The statement that an idea is dangerous, in which the only possible danger is to someone's ego, is an absurd attempt at criticism. I will, however, stop short of recommending that this phrase be expunged from the Conference-goers Phrasebook for Rude Things to Say After Someone Else's Talk because, in this context, it may be better to be criticized by someone who has nothing of substance to say than to encounter an articulate, hostile person.

23 comments:

Ms.PhD said...

I told him that there is nothing wrong with having dangerous ideas.I hate to disagree, but the harsh reality is that it's nearly impossible to publish these kinds of things, much less get them funded. Maybe it's okay for a protected grad student, particularly if their PI (and you) are going to support him when the going gets tough.

But I wouldn't recommend it- eventually he will meet someone articulate and hostile, if not at a conference then anonymously, as a reviewer on the manuscript. Then the fun starts.

Thomas Joseph said...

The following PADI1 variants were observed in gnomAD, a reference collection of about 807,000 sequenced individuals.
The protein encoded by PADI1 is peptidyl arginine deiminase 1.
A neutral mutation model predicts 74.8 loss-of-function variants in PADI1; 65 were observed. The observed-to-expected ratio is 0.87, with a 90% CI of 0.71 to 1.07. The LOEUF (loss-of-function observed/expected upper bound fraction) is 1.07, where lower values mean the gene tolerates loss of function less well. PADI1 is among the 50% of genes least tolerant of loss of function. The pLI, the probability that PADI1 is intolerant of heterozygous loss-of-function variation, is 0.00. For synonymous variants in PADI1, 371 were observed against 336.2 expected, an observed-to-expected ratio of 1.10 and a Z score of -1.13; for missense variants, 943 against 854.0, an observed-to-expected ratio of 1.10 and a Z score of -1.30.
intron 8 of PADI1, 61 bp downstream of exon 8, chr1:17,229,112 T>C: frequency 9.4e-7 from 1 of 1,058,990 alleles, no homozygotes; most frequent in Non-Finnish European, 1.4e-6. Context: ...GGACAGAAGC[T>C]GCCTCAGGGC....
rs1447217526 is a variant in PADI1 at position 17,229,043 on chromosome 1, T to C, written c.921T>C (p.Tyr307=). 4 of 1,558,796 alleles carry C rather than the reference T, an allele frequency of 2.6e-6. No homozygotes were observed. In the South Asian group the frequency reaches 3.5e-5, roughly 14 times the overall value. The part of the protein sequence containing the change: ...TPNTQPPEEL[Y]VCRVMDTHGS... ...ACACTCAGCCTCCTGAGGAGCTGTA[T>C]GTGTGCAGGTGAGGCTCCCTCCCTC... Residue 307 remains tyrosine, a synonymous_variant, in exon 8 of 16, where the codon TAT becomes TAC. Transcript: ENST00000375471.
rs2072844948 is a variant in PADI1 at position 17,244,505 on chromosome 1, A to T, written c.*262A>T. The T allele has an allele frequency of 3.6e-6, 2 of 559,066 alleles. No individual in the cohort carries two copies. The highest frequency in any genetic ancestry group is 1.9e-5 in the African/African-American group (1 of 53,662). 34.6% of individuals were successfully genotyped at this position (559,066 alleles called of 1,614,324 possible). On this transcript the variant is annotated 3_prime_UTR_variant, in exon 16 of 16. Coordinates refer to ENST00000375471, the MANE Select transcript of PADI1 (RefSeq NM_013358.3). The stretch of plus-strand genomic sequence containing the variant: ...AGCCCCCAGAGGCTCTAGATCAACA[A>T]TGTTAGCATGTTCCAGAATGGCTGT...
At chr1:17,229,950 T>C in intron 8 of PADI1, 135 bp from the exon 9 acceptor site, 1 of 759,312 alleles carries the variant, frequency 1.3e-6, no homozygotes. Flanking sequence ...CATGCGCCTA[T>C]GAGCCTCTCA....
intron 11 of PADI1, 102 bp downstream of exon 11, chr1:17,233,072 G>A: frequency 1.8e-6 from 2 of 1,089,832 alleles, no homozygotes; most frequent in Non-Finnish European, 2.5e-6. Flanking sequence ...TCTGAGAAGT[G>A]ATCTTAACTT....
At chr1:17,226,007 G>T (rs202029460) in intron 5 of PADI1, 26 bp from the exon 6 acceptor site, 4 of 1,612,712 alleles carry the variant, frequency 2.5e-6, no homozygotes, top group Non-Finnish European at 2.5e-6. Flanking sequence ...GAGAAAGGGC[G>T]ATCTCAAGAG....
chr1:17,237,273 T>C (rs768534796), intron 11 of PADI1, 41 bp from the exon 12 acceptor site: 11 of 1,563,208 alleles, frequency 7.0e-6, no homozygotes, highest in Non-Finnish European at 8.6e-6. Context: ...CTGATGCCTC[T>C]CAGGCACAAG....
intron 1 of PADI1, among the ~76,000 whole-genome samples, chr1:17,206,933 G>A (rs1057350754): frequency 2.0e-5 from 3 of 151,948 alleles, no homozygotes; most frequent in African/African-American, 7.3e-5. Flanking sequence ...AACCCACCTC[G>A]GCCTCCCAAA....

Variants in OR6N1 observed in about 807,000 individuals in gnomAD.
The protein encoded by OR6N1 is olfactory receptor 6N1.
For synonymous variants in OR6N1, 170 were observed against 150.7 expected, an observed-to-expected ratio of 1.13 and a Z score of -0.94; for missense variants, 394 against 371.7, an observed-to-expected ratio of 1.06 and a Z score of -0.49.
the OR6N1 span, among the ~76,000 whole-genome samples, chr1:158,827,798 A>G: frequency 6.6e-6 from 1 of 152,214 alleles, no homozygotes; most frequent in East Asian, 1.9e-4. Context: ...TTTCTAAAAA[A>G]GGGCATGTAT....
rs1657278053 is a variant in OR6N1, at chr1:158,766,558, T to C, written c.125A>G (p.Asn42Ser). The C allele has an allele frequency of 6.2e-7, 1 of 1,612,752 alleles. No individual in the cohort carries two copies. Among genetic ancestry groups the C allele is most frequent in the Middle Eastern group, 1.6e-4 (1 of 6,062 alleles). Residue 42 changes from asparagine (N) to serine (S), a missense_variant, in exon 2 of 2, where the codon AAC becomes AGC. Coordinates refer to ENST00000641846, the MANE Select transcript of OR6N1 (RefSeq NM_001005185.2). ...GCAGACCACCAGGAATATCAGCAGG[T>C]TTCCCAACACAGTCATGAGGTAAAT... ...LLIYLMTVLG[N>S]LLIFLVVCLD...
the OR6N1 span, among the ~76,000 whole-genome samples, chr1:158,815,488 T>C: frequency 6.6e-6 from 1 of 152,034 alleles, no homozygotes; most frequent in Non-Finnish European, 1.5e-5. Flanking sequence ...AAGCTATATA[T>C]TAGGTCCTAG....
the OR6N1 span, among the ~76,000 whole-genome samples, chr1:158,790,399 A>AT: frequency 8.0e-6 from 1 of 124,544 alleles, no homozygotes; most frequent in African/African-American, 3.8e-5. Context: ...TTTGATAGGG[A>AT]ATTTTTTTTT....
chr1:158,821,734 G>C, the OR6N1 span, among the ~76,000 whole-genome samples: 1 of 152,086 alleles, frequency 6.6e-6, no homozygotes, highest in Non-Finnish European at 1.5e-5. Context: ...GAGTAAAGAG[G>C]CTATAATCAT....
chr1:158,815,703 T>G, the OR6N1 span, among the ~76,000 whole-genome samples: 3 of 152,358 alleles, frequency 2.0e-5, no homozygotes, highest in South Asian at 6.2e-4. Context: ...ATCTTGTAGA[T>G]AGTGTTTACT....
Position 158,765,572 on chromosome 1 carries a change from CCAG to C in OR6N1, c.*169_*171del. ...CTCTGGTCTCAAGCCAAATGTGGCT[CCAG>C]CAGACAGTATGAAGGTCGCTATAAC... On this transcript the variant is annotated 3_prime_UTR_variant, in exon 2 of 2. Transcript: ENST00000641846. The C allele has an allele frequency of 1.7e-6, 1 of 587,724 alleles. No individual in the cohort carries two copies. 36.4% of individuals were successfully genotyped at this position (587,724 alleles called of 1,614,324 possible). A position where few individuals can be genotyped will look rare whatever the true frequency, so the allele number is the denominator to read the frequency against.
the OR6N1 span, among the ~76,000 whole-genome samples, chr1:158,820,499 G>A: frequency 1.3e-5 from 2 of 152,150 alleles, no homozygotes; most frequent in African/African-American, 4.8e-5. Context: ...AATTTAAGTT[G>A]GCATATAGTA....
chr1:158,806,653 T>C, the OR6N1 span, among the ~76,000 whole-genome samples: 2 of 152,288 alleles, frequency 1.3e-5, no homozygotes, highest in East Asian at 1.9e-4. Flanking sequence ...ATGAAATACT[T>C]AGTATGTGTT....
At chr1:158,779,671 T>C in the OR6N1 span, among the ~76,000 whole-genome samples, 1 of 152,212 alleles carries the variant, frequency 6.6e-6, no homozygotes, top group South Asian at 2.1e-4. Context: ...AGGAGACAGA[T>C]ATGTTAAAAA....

... then anonymously, as a reviewer on the manuscript.That's why there is typically more than a couple of reviewers on manuscripts, so one wack-a-loon can't muck up the entire process. If you only go with the status quo, and publish what you think people will accept, I doubt you'll go very far or do anything more than moderately exciting.

Prof-like Substance said...

Sorry, but I'm going to have to disagree with Ms.PHD here. Is it tougher to publish new and unexpected ideas? Yes. But they are the foundation for subsequent work in a field and without them science would whither and die. One may encounter hostility to these ideas, but the pay-off for fighting them through the system can be huge and is essential for science to move forward. If all we ever do is pursue the "safe" questions, we are doing no service to ourselves or our field.

Odyssey said...

I hate to disagree, but the harsh reality is that it's nearly impossible to publish these kinds of things, much less get them funded. Maybe it's okay for a protected grad student, particularly if their PI (and you) are going to support him when the going gets tough.